Composting is a great way to redirect waste from landfills. It’s also really interesting and fun, so much so that you could probably write a paper or base a project on your at-home compost bin. I’ve truly tested many types of bins, and the best indoor bin is wonderful for small kitchens because it doesn’t take up much space, keeps any smells inside, and cleans up well. If you want something a bit cuter, the Bamboozle bin is also great, though I recommend a darker color because the inside can get stained.
- Get the Epic Stainless Steel Compost Bin from Amazon for $22.45
- Get the Bamboozle Compost Bin from QVC for $40
11. Plantable pencils
You may have heard the fact that every toothbrush you’ve ever used still exists on the planet because plastic doesn’t break down. The same is true for every pen and marker you’ve used. Instead of contributing to more and more plastic waste piling up in landfills and polluting water ecosystems, opt for a plantable pencil instead. Sprout pencils work just like other pencils, and they have no plastic in them or their packaging. When the pencil gets too short to use, you can flip it upside down in a pot of soil and a plant or flower will grow. I’ve used several of the pencils, and the plants that grow afterward are absolutely adorable.
12. A compact reusable bag
You’ll carry a lot of stuff around while in school, from books to meals to a case of beer on gamedays. Always having a reusable bag handy can make it easier to trek across campus without having to juggle items. I love Baggu items because they’re durable and personable; the Standard Baggu bag comes in dozens of prints and colors to match your personality or your outfit of the day. You never know exactly when you’ll need it, but you’ll be glad you have it with you.
13. A microwaveable dish for leftovers
Metal is great for your water bottle and silverware, but I found myself using random microwaves in student lounges when I was in school. This seal-tight to-go container is made of glass and silicone, so it’s safe to microwave as well as carry around in your backpack or purse. You can fit 24 oz of food, which could be a light snack, the last of your takeout from the night before, or whatever you manage to fit from the dining hall. Pack this along with your silverware and you’ll be set.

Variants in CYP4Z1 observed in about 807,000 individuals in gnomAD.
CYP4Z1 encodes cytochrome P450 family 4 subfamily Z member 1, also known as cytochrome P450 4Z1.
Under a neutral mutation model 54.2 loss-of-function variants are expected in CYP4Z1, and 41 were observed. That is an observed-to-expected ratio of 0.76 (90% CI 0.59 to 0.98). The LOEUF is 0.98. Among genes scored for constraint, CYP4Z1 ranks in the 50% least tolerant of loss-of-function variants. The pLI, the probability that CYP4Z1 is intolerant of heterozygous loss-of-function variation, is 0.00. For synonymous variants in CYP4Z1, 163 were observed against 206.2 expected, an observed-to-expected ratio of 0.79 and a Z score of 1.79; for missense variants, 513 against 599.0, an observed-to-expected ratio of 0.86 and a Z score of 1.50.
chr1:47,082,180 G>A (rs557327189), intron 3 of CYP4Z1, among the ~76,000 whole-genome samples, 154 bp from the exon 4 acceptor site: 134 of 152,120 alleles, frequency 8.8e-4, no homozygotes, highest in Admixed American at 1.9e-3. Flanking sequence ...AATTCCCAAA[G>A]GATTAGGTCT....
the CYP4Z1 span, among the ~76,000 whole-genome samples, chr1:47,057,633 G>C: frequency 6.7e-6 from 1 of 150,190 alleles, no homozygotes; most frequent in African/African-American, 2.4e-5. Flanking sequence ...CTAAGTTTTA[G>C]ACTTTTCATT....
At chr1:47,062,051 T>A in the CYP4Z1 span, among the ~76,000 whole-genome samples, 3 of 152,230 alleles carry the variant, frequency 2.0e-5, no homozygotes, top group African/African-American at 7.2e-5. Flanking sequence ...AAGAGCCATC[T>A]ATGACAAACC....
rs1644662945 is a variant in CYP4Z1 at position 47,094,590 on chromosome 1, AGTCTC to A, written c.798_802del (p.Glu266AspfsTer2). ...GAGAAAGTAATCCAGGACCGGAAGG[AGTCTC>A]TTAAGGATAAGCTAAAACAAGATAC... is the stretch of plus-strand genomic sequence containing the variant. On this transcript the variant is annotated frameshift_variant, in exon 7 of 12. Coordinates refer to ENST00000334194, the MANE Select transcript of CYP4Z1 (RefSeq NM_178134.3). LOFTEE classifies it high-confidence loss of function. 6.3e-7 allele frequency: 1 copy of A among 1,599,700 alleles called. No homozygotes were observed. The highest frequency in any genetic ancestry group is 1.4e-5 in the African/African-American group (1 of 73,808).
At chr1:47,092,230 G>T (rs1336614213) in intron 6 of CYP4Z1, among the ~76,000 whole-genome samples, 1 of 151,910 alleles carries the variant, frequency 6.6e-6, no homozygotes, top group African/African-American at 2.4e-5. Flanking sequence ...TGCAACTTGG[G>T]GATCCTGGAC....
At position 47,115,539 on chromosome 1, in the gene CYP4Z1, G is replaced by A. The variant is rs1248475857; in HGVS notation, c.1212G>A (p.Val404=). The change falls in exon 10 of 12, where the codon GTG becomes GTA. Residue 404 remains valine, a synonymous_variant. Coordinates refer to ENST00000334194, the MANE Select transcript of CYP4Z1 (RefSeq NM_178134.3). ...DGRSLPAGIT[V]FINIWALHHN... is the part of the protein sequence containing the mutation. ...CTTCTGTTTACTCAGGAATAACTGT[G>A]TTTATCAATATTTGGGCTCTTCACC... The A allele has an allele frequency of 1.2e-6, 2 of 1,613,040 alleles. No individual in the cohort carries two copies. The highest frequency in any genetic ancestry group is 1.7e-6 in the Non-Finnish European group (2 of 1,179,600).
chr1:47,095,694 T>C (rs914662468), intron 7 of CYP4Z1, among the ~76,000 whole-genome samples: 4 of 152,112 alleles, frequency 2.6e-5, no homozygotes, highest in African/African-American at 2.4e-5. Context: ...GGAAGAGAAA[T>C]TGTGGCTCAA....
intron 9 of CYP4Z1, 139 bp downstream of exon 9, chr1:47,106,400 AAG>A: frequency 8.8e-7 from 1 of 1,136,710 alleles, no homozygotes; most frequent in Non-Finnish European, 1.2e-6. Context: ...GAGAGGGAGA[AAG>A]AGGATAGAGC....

- Get the Porter Seal Tight Bowl from Nordstrom for $30
- Get the Porter Ceramic Portable Bowl from Nordstrom for $40
14. Laundry detergent that doesn’t take up much space
In both dorm rooms and apartments, storage space is minimal and laundry isn’t always provided. So, having a compact yet powerful laundry detergent can save you space and many awkward elevator or bus rides to the laundromat. Tru Earth laundry strips are really easy to use; you take a flat strip and place it in the washer with your clothing. Bam, that’s it. We tested the strips ourselves and found that they clean clothing well and are eco-friendly as they claim to be. While they’re a bit expensive at just under $2 per load, they are a standout plastic-free alternative that you can store and carry with ease.
15. Worn wear
Patagonia is a well-known outdoor brand, but I recently discovered it also has a sub-section called Worn Wear that operates as a second-hand online shop exclusively for Patagonia clothing. Since the brand created the original items, it’s able to repair rips or issues well and then sells it at a discounted rate. Buying secondhand increases the clothing’s life as well as shrinks the footprint since the item already exists. I recommend checking out what Worn Wear has to offer if you’re preparing for a new climate, study abroad trips, weekend hikes, really any activity where you want to stay warm and comfortable. Because Worn Wear has items for resale, things aren’t always in multiple sizes or colors, so check back often to find something that is right for you.
Prices were accurate at the time this article was published but may change over time.